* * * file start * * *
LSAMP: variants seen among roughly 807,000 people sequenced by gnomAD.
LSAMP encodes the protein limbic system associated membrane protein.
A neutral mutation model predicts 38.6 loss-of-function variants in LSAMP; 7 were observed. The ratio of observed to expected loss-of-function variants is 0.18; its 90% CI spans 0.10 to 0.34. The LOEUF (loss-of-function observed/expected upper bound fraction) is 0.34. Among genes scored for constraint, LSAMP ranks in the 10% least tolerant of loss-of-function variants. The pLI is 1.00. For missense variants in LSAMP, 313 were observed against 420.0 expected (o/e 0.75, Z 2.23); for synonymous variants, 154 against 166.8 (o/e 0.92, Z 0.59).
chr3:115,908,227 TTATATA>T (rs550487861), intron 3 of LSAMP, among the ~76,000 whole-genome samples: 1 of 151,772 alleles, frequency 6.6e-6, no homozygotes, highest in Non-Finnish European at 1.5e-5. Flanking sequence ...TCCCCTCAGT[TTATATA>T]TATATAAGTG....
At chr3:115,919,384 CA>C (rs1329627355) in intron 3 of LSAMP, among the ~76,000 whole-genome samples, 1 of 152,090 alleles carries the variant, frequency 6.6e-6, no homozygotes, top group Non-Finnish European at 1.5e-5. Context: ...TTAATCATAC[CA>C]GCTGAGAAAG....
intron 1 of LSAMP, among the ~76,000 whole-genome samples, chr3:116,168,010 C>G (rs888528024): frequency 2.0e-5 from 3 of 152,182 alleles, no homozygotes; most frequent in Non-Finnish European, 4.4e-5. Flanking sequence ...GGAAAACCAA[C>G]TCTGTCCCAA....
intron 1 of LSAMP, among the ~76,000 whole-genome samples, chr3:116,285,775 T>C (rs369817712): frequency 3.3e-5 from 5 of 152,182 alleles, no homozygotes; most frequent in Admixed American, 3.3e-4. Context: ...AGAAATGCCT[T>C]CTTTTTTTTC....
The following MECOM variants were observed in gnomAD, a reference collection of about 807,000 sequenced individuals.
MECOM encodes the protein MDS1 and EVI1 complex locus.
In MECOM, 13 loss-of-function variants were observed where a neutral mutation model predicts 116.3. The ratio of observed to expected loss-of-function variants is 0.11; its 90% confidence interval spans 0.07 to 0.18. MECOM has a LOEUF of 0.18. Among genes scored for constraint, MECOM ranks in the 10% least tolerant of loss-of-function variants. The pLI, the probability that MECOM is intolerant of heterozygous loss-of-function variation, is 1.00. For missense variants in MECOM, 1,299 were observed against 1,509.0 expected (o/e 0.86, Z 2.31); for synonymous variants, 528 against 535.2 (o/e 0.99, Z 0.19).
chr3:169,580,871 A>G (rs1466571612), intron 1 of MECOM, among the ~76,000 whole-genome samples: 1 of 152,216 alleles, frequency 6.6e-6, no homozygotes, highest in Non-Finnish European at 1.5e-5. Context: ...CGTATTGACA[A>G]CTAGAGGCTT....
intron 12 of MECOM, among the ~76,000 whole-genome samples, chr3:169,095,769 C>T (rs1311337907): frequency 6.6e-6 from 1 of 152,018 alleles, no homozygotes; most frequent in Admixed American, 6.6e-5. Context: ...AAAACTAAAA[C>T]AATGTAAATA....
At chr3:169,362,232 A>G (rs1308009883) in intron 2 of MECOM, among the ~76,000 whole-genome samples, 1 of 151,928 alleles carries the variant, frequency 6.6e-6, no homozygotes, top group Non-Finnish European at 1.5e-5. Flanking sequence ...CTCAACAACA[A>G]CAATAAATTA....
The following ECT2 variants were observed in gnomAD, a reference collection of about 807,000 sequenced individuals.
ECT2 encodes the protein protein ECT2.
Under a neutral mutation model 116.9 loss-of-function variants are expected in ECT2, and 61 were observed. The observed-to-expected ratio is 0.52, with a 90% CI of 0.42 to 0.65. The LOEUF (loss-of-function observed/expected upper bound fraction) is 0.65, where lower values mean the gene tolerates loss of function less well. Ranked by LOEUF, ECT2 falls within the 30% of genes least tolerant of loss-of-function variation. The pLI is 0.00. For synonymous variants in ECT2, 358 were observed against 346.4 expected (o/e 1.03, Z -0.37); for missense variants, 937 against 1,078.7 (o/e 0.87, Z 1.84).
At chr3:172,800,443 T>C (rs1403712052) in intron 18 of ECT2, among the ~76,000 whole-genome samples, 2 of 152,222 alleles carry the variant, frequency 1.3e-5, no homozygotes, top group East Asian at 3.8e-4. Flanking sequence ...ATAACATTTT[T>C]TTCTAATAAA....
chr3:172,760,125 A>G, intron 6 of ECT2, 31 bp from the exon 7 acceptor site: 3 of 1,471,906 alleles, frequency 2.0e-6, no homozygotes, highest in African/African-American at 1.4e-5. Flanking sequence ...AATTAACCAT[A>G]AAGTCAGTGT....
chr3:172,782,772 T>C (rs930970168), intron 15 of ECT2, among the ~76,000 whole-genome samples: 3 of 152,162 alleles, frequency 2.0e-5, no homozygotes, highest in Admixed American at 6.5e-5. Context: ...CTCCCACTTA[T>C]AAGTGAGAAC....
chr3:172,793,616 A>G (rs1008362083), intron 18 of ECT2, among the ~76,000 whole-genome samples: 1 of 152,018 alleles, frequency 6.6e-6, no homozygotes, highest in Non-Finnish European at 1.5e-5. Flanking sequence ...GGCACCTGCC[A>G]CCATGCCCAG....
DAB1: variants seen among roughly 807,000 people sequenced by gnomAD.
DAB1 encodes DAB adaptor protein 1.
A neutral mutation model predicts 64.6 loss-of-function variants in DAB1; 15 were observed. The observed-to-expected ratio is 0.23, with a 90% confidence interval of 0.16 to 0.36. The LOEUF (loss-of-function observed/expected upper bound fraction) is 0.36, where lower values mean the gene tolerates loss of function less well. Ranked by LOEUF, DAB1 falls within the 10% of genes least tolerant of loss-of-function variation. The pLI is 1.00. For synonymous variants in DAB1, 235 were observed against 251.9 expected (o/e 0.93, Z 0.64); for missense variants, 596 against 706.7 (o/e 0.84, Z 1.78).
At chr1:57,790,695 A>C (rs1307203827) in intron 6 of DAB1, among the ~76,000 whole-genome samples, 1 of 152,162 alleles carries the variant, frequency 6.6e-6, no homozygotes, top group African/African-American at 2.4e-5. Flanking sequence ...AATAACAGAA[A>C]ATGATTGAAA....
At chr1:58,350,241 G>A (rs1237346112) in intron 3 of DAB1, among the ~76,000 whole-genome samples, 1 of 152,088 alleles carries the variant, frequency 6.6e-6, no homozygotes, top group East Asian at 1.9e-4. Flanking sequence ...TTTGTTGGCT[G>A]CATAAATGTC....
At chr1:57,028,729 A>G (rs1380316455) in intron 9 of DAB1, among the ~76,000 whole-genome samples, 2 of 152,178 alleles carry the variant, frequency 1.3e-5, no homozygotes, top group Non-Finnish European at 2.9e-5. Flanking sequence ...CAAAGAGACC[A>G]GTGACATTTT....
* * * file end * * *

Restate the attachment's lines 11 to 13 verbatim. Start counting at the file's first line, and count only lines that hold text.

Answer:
chr3:169,580,871 A>G (rs1466571612), intron 1 of MECOM, among the ~76,000 whole-genome samples: 1 of 152,216 alleles, frequency 6.6e-6, no homozygotes, highest in Non-Finnish European at 1.5e-5. Context: ...CGTATTGACA[A>G]CTAGAGGCTT....
intron 12 of MECOM, among the ~76,000 whole-genome samples, chr3:169,095,769 C>T (rs1311337907): frequency 6.6e-6 from 1 of 152,018 alleles, no homozygotes; most frequent in Admixed American, 6.6e-5. Context: ...AAAACTAAAA[C>T]AATGTAAATA....
At chr3:169,362,232 A>G (rs1308009883) in intron 2 of MECOM, among the ~76,000 whole-genome samples, 1 of 151,928 alleles carries the variant, frequency 6.6e-6, no homozygotes, top group Non-Finnish European at 1.5e-5. Flanking sequence ...CTCAACAACA[A>G]CAATAAATTA....